ROYAL Bank of Scotland’s scenic route to selling 316 branches at the behest of Brussels has sometimes resembled a provincial production of Waiting for Godot with the bar shut during the intermission. Spanish-owned Santander UK may have thought it already knew the meaning of mañana, but its education was incomplete before the tortuous, eventually aborted, negotiations with RBS.
However, now mutually-owned Nationwide has confirmed speculation that it is interested in the branches whose sale has been ordered by the European Union in return for RBS’s taxpayer rescue.
Nationwide boss Graham Beale obviously doesn’t want to create a hostage to fortune, though. He has said there must have been “enormous complexities” in technically separating the branches and systems from the RBS parent.
Translation: the technical challenges associated with prising away the branches into a new business is not going to be solved by a simple reboot of the RBS computer. We are talking the full upgrade.
Nationwide may have been emboldened in its qualified interest in the assets by the success of other mutual Co-operative Group which picked up 632 Lloyds Banking Group branches.
That was also a saga, and also involved significant technical challenges. But the Co-op eventually managed to pull it off, doubling its banking footprint.
Nationwide reckons it has the funding as well as the will to do a deal if it wants. It would probably also have the backing of Chancellor George Osborne and the Treasury.
Mutuals have become fragrant again in Whitehall due to the sins of their stock market banking cousins in the financial crisis.
That probably also explains why the government would welcome Nationwide’s confirmation yesterday that one of the main reasons it would like the RBS branches is to speed up its entry into the small and medium-sized business lending market.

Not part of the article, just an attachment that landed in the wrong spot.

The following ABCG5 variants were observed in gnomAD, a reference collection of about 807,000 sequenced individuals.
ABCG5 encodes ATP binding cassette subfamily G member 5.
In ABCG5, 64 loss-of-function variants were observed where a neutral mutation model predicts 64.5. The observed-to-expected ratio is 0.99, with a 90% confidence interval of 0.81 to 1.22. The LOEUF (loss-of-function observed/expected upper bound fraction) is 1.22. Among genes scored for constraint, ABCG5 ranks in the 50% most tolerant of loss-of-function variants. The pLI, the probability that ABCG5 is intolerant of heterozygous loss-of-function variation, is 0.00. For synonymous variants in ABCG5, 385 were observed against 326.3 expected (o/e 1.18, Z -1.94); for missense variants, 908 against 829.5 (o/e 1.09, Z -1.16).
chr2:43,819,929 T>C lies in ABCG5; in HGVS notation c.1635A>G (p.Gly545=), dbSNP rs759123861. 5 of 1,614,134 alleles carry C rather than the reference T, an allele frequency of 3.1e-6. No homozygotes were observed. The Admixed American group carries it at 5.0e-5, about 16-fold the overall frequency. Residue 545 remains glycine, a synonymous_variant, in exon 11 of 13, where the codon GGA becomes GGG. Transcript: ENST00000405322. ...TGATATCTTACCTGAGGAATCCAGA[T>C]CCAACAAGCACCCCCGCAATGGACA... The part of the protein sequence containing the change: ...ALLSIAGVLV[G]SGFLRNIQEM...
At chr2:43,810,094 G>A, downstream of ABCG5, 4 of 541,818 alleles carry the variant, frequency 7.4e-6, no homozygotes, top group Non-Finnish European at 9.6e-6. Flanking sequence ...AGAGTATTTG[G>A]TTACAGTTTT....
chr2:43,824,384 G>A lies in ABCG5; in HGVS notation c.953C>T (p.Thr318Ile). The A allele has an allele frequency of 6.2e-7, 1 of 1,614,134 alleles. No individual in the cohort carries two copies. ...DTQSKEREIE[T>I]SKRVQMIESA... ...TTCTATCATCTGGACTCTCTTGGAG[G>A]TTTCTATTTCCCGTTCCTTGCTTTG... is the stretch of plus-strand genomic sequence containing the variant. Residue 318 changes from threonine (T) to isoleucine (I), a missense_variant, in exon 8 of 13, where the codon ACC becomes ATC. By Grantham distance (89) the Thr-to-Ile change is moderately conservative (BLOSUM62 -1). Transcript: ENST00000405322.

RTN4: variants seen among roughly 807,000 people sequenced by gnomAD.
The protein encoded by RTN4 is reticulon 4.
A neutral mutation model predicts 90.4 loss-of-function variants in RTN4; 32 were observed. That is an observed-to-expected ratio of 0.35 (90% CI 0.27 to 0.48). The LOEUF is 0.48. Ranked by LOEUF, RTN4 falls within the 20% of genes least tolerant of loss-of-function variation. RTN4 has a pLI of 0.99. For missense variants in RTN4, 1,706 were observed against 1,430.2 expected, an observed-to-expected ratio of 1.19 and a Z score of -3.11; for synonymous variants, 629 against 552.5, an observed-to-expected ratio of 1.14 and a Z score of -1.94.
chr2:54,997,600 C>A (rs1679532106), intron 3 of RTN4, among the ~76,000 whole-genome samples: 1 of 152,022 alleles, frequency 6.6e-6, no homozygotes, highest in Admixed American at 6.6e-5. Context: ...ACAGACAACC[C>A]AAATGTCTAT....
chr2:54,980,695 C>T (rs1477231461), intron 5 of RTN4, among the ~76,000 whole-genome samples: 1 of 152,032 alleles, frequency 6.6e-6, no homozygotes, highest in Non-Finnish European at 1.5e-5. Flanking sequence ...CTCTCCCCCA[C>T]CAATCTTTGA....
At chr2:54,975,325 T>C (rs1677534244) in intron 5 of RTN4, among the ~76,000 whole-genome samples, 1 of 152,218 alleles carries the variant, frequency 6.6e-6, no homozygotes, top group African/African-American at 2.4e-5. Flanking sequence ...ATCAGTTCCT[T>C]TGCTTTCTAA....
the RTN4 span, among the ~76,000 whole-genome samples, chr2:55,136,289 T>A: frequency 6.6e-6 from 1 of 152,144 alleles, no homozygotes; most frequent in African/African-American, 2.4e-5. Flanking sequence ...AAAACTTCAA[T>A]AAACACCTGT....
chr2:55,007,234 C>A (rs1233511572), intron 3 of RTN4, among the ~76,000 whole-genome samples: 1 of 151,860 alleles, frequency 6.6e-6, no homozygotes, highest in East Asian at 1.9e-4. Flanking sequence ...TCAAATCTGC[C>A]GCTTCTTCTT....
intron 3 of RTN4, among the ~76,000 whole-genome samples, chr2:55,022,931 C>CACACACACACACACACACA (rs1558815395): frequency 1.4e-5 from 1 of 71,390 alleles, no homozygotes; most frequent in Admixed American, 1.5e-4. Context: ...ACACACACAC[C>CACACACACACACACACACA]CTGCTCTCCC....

A bit more opaque is the apparent interest of private equity in the renewed auction for the outlets. Several leading houses are believed to have contacted the Scottish bank.
One problem is that they would probably face some flak. In some political quarters private equity, along with hedge funds, are still regarded as little better than asset-stripping vultures. It could be a hard sell to the public as well.
For every zig, there’s an equal and opposite zag
The good news is that the third‑quarter rebound in economic activity was no fluke. The bad news is that it almost certainly will be followed by returning stagnation or contraction in Q4. October through December will not benefit from the additional working day in Q3, and the positive one-off in the last quarter of boosted consumer spending through Olympic ticket sales.
Yesterday’s confirmation that the economy grew 1 per cent in Q3 fails to dispel pessimism prompted by dull manufacturing data, depressed exports to the eurozone, construction on the ropes, and consumers who, if recent years are any guide, will put off festive spending until a day or two before Christmas. Or even wait until the New Year sales.
The final quarter of 2012 is unlikely to disprove Bank of England governor Sir Mervyn King’s assertion that the recovery will be zig-zag. Q3 was zig. Q4 is likely to be zag.